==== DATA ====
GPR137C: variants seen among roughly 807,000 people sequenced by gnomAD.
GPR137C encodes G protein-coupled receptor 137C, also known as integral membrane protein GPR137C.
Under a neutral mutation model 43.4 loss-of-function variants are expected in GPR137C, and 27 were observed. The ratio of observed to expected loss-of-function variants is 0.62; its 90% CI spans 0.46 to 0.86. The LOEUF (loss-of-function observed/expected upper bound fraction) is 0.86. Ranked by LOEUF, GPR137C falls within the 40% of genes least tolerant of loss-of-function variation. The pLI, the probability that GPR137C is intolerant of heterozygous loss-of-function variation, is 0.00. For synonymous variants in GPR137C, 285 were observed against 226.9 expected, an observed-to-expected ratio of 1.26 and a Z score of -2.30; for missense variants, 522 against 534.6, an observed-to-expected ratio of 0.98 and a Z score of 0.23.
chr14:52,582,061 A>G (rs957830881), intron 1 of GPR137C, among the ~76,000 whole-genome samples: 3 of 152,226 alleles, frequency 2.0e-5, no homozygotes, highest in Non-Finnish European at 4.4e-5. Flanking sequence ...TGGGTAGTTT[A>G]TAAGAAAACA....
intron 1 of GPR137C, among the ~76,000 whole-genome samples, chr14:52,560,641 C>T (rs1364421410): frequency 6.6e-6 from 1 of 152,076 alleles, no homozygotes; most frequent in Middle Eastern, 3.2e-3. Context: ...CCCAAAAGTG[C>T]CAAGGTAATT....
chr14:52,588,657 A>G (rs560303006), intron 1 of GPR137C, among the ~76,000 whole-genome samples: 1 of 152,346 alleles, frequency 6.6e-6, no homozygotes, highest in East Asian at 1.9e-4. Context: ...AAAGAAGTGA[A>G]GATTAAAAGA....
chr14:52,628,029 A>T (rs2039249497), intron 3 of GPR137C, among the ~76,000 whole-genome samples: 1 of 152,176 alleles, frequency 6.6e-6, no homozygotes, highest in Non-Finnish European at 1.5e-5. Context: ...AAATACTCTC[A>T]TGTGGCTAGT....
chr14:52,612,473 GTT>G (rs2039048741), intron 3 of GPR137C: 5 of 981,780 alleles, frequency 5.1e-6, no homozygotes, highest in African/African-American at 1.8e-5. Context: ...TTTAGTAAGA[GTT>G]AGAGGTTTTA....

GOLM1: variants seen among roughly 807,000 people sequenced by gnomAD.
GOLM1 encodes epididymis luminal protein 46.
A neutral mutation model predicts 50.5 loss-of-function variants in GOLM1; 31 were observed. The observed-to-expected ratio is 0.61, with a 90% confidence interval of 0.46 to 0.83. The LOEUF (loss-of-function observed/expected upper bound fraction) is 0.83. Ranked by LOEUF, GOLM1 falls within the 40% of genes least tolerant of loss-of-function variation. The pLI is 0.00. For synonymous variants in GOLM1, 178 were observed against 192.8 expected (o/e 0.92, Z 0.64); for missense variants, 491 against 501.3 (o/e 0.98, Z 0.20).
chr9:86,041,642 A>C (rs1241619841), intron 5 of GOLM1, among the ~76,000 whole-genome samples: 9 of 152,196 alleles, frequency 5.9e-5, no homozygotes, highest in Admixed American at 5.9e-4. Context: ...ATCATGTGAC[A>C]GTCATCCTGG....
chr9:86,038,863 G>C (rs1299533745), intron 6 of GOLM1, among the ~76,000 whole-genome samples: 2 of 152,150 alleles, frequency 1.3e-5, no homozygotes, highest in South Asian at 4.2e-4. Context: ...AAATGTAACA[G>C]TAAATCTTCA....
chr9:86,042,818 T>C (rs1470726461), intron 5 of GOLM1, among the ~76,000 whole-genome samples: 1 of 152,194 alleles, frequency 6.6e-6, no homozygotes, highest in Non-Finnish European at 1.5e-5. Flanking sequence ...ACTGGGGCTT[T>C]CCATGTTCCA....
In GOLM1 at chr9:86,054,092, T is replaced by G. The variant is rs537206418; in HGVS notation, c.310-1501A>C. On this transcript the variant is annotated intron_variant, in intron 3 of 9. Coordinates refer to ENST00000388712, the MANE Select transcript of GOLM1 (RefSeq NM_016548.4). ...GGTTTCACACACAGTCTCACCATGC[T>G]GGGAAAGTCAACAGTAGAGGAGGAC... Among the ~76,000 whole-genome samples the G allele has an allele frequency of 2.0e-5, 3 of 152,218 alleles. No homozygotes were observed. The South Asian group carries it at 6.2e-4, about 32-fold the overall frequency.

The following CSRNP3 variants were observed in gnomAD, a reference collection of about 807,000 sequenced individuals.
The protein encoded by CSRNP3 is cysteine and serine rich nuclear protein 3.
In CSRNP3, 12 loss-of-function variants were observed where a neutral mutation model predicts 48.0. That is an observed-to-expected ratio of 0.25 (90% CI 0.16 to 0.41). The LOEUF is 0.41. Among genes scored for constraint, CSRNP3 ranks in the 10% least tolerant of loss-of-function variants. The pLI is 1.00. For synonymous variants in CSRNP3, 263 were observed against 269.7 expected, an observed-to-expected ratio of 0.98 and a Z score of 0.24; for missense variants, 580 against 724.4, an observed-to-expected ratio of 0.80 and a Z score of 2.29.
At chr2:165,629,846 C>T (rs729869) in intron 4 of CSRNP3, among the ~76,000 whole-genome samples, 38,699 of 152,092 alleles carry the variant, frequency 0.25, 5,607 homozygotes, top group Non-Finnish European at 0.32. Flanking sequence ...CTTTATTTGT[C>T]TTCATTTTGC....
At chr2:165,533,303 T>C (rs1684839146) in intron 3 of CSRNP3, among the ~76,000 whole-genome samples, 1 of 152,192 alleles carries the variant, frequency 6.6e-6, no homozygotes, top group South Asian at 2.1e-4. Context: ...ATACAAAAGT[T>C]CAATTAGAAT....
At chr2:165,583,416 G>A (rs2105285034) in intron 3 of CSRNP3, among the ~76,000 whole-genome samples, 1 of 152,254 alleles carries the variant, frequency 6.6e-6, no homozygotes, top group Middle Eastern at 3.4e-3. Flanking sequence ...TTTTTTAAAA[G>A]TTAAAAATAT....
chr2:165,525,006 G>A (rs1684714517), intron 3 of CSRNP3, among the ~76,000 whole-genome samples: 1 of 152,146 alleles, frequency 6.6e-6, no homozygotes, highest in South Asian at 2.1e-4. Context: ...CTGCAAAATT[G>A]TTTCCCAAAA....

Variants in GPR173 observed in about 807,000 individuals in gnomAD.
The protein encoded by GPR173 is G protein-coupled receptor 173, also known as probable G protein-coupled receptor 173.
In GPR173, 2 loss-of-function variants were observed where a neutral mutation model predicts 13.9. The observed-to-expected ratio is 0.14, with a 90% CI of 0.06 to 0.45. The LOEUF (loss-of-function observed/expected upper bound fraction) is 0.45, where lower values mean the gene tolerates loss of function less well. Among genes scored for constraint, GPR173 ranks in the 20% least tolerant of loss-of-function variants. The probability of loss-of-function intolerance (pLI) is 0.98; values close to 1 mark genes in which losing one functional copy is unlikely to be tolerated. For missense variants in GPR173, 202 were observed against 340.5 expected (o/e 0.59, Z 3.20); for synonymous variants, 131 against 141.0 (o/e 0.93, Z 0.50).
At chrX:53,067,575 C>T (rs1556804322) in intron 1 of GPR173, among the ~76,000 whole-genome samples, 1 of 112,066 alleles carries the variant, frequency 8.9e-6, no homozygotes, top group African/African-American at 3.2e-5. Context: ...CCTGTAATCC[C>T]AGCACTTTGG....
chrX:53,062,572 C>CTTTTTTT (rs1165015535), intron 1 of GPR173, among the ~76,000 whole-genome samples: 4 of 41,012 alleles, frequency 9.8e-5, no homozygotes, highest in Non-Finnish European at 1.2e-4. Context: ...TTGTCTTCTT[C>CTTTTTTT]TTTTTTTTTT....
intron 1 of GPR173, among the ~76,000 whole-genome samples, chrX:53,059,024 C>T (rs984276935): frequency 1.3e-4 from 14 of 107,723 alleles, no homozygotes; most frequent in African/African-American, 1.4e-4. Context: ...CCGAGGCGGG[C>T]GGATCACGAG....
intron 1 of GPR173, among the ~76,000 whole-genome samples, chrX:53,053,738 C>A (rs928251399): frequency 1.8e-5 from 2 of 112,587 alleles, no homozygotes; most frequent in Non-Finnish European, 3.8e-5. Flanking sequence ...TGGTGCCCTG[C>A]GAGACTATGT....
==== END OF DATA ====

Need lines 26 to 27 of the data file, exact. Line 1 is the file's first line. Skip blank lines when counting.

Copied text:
At chrX:53,067,575 C>T (rs1556804322) in intron 1 of GPR173, among the ~76,000 whole-genome samples, 1 of 112,066 alleles carries the variant, frequency 8.9e-6, no homozygotes, top group African/African-American at 3.2e-5. Context: ...CCTGTAATCC[C>T]AGCACTTTGG....
chrX:53,062,572 C>CTTTTTTT (rs1165015535), intron 1 of GPR173, among the ~76,000 whole-genome samples: 4 of 41,012 alleles, frequency 9.8e-5, no homozygotes, highest in Non-Finnish European at 1.2e-4. Context: ...TTGTCTTCTT[C>CTTTTTTT]TTTTTTTTTT....